Best Bash tip ever!

Posted by – 31/12/2008

While googling for something completely different (which I cannot remember right now), I passed by what is probably the best Bash tip I ever read:

bash$ head -10 /etc/apache2/sites-available/default
(...)
bash$ ^10^20^
(...)

What happens in the second command is that the previous one is repeated, replacing “10” by “20”! How great is that?!

7 Comments on Best Bash tip ever!

  1. mirabilos says:

    Some comments I put at our Developers’ Weblog

    Of course, mksh(1) can do it as well:

    tg@bleu:~ $ head -2 /var/run/dmesg.boot
    MirBSD#10uA4 (GENERIC) #1161: Fri Dec 26 21:05:59 UTC 2008
            tg@bleu.mirbsd.org:/usr/src/distrib/generic/obj/build/GENERIC
    tg@bleu:~ $ r 2=3
    head -3 /var/run/dmesg.boot
    MirBSD#10uA4 (GENERIC) #1161: Fri Dec 26 21:05:59 UTC 2008
            tg@bleu.mirbsd.org:/usr/src/distrib/generic/obj/build/GENERIC
    cpu0: Intel(R) Pentium(R) M processor 1.40GHz ("GenuineIntel" 686-class) 598 MHz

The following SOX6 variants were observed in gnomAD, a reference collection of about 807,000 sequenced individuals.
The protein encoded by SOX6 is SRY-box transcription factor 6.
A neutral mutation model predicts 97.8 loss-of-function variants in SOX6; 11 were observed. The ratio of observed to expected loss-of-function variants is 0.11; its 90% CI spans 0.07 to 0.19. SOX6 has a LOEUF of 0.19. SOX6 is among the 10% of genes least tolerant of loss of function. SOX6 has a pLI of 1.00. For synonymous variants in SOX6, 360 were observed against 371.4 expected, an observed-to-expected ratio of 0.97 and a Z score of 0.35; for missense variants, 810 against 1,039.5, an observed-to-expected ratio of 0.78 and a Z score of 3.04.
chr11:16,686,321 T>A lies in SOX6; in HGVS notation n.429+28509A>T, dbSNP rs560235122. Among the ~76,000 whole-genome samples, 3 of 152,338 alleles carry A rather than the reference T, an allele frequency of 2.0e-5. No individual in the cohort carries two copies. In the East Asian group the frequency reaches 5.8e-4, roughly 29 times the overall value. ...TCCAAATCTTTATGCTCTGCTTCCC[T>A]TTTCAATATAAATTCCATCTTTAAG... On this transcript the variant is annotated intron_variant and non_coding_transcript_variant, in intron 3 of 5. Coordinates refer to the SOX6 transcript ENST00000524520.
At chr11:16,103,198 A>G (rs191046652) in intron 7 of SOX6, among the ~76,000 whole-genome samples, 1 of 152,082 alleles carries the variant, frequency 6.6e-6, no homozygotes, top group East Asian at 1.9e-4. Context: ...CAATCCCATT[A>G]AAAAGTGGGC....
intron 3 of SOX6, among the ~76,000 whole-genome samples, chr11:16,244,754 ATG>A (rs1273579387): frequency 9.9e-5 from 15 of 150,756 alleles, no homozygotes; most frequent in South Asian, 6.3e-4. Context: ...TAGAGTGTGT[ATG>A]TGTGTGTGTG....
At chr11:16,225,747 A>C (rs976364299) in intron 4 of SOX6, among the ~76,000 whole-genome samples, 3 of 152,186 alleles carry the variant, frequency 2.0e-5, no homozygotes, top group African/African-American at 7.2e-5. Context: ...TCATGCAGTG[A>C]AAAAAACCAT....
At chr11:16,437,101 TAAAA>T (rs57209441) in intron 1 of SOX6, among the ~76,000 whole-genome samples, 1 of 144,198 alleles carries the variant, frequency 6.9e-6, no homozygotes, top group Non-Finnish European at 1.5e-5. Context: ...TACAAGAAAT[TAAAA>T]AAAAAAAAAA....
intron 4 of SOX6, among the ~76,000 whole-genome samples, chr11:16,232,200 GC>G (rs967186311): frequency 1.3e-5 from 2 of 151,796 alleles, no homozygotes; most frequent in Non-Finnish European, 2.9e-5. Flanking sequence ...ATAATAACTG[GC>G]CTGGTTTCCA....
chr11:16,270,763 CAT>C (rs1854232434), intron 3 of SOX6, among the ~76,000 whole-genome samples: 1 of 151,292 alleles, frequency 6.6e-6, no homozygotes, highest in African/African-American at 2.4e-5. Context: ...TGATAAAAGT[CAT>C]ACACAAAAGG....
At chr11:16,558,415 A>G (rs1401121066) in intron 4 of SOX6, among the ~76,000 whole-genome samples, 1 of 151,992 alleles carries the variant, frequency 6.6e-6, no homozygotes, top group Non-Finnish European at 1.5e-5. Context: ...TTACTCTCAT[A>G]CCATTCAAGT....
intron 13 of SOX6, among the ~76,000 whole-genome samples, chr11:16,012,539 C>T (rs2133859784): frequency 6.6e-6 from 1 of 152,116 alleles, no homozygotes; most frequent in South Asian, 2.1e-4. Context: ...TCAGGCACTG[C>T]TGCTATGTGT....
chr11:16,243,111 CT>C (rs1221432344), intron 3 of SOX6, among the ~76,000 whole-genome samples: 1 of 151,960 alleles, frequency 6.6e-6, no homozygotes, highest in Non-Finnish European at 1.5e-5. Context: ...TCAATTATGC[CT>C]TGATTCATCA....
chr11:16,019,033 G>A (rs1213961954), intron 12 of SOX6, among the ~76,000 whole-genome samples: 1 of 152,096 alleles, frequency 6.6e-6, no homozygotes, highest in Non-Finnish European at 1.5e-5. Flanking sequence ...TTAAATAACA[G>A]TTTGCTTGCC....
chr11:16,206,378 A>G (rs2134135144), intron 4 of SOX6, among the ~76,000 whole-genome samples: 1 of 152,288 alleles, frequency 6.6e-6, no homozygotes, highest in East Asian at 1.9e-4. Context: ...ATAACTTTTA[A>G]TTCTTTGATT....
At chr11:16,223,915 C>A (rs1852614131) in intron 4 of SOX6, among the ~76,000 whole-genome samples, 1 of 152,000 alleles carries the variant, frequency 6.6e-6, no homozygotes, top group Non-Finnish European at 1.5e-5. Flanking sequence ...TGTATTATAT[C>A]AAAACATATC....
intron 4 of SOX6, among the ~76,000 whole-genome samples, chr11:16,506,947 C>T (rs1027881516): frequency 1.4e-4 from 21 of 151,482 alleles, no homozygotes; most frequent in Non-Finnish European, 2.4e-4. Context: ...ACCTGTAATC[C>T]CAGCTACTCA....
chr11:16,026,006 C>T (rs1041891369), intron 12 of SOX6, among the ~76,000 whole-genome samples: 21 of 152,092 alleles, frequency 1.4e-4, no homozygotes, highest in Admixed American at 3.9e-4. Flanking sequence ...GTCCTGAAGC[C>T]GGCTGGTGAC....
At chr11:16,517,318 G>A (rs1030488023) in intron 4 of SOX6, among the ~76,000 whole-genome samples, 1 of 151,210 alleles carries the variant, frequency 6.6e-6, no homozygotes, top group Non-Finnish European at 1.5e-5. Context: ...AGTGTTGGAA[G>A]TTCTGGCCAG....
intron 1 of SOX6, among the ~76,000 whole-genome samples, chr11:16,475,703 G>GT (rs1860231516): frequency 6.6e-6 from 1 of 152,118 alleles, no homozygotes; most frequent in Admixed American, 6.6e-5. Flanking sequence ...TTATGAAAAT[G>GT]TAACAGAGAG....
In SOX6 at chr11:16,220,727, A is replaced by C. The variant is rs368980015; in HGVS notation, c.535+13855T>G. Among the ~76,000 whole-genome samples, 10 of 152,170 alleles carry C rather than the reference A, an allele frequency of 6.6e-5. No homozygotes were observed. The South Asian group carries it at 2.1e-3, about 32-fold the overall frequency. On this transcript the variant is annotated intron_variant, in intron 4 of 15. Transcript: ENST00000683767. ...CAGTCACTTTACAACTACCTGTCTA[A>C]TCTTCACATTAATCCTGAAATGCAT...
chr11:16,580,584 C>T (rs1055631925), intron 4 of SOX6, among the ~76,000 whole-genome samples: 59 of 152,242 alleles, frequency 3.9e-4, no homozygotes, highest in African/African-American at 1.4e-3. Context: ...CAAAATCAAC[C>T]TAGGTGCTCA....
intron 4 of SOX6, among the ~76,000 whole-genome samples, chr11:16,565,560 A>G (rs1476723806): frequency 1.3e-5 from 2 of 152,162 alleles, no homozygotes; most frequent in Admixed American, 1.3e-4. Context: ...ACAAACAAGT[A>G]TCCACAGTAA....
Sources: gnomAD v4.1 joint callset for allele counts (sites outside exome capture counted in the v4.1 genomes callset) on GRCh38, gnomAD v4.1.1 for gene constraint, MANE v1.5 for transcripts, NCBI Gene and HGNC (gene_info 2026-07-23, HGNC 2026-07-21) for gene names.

tg@bleu:~ $ fc -l
    1       head -2 /var/run/dmesg.boot
    2       head -3 /var/run/dmesg.boot

    What’s best, the modified commands are written into the history, not the modificator itself.

    Some of the commentaries are rather clueless too, not $! but $_ is the last word of the last command, in this case:

    tg@bleu:~ $ head -2 /var/run/dmesg.boot
    MirBSD#10uA4 (GENERIC) #1161: Fri Dec 26 21:05:59 UTC 2008
            tg@bleu.mirbsd.org:/usr/src/distrib/generic/obj/build/GENERIC
    tg@bleu:~ $ print $_
    /var/run/dmesg.boot

    Instead of “^-s” you would use “r — -s=” (the two dashes are needed as the “r” built-in alias parses its arguments).

  2. great says:

    OLD TIP IS OLD!!

  3. Quimby says:

    yeah i find that ^old^new really useful.

    another tip:

    bash$ aptitude -s install zsh
    bash$ ^-s

    the last line will remove the -s option and thus install zsh

  4. Omari says:

    Check out this book, it’s got all the tips you could want:

    Bash-Z-Shell-Conquering-Command

  5. Albert says:

    You probably know this one, but I’ll share for others who might not:

    bash$ ls /var/www/apache2-default/
    bash$ touch $!

    The $! reuses the last argument of the previous command.

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